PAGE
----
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This month marks the 25th Anniversary of Bruce Mitchell becoming a Pro Wrestling Torch Newsletter columnist. No single person has influenced the editorial tone and direction of the Torch brand over the years than Bruce, who brought a hard-hitting, supremely well-informed, speak-truth-to-power approach to his writing. He went after sacred cows out of the gate, such as the beloved among “smart fans” (today’s “Internet fans” or “IWC,” I suppose) Eddie Gilbert and Jim Cornette. He also went hard after people in positions of authority and power who were abusing or misusing that power, or just not delivering a worthy product. He has also applauded and paid tribute to the greatest moments and movements in pro wrestling over the last 25 years, with a style of writing that has yet to be matched anywhere, I contend (despite Bill Simmons’s arrogant and uninformed contention last year that no one wrote at a high level about pro wrestling until his “Masked Man” columnist came along).
To celebrate and highlight Bruce’s stellar 25 years of influential and eloquent truth-telling about this fascinating industry, we’ll be featuring a single column from each of the last 25 years each of the first 25 days this month. His long-form columns were a pioneer approach to pro wrestling journalism, and the next 25 years you’ll experience a slice of what it is that has earned Bruce Mitchell widespread recognition within the industry over the years as being “Pro Wrestling’s Most Respected Columnist.” We began on Oct. 1st with his very first column, from Pro Wrestling Torch Newsletter #89 (cover dated Oct. 5, 1990).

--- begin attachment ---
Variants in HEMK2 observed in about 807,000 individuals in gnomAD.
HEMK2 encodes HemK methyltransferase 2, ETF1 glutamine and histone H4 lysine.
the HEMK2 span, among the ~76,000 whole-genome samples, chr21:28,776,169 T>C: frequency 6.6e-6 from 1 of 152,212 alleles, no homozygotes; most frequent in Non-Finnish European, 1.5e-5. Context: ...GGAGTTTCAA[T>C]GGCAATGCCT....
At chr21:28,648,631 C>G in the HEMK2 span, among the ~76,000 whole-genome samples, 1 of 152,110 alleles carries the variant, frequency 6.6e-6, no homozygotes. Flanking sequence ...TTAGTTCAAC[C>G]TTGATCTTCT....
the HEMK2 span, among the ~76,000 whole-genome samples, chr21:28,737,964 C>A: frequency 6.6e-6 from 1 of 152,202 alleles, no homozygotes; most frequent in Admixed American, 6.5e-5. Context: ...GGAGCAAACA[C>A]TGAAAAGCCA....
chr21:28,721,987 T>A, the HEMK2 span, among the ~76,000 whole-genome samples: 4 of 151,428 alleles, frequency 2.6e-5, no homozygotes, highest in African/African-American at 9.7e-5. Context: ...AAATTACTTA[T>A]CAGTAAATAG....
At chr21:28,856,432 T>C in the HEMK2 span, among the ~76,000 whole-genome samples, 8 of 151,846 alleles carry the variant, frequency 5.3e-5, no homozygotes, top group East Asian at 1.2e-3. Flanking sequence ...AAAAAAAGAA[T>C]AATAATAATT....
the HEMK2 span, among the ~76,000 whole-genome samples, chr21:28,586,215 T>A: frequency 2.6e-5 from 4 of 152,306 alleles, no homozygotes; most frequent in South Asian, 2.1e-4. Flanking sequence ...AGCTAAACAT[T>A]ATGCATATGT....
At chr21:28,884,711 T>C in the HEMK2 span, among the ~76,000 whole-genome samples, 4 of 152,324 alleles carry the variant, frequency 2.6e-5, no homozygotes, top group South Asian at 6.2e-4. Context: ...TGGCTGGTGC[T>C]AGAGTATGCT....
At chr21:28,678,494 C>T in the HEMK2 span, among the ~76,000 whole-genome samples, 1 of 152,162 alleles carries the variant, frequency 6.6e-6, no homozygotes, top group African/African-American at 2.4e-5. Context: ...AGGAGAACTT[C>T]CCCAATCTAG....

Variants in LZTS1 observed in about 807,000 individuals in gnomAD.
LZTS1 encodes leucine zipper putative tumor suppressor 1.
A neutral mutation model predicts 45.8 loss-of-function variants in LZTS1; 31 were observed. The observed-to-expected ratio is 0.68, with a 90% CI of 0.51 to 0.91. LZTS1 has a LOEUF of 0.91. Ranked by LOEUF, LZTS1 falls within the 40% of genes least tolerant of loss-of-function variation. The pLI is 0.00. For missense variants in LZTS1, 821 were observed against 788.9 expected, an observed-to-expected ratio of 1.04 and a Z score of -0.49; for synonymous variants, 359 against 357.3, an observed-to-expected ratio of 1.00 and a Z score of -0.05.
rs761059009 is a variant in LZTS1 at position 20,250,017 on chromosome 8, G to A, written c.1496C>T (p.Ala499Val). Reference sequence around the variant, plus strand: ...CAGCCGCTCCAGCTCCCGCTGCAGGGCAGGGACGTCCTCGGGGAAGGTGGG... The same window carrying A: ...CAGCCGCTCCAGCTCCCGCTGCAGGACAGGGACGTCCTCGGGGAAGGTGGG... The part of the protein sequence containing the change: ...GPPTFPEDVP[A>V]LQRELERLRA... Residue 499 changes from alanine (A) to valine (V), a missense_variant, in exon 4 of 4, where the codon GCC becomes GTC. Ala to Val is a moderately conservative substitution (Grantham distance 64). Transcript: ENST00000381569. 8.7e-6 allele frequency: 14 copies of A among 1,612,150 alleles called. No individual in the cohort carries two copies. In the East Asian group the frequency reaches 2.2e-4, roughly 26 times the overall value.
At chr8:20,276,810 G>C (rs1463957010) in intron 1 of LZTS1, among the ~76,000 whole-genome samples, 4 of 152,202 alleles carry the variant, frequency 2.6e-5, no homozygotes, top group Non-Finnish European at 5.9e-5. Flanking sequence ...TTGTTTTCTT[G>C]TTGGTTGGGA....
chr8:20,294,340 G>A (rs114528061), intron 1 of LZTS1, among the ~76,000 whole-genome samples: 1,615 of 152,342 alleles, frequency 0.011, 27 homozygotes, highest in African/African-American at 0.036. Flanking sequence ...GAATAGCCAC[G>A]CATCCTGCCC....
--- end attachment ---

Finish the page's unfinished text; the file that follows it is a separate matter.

Today we feature his column from the October 19, 2011 edition of the Pro Wrestling Torch Weekly Newsletter (#1225) in which Mitchell wrote about Hulk Hogan and what he had done to take TNA and Dixie Carter for a ride.
NOTE: VIP members can access hundreds of Mitchell columns and audio shows instantly in the BRUCE MITCHELL LIBRARY here, part of the massive unmatched online archives of insider wrestling coverage from over the past 28 years.
HEADLINE: “101 Excuses for TNA Impact’s 0.6”
TORCH NEWSLETTER #1225
COVER DATE: October 19, 2011
Thirty years ago Hulk Hogan was at the vanguard of the professional wrestling business. Splitting his time between riding the building wave of Hulkamania in Verne Gagne’s American Wrestling Association and playing big-money foil to top Japanese star Antonio Inoki in New Japan Pro Wrestling, Hulk Hogan knew exactly what to do and had everything he needed to get what he wanted from what there was to get in the business.
Fifteen years ago Hulk Hogan was at the vanguard of the professional wrestling business. Already enjoying the fruits of the most lucrative contract in the industry’s history, Hogan jumped in front of the hottest angle of the day, the NWO, and set off the fabled Monday Night Wars. Hulk Hogan knew exactly what to do and had everything he needed to get what he wanted from what there was to get in the business.